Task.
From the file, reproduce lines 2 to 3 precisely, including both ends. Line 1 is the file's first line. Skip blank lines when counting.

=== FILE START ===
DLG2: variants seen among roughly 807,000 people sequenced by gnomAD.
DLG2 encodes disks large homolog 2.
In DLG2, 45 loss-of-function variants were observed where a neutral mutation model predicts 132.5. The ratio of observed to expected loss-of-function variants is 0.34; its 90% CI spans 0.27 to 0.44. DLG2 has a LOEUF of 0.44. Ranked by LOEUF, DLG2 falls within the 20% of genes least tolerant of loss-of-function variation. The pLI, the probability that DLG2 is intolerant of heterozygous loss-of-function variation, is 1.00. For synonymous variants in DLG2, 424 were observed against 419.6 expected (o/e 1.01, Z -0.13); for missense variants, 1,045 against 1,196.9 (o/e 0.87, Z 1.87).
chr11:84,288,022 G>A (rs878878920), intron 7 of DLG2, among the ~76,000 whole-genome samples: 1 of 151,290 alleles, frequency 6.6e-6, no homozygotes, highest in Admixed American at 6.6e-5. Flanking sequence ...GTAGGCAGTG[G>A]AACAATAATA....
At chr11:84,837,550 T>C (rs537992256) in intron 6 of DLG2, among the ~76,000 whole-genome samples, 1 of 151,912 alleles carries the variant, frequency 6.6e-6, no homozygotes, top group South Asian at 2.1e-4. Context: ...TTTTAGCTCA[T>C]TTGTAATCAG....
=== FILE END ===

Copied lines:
DLG2 encodes disks large homolog 2.
In DLG2, 45 loss-of-function variants were observed where a neutral mutation model predicts 132.5. The ratio of observed to expected loss-of-function variants is 0.34; its 90% CI spans 0.27 to 0.44. DLG2 has a LOEUF of 0.44. Ranked by LOEUF, DLG2 falls within the 20% of genes least tolerant of loss-of-function variation. The pLI, the probability that DLG2 is intolerant of heterozygous loss-of-function variation, is 1.00. For synonymous variants in DLG2, 424 were observed against 419.6 expected (o/e 1.01, Z -0.13); for missense variants, 1,045 against 1,196.9 (o/e 0.87, Z 1.87).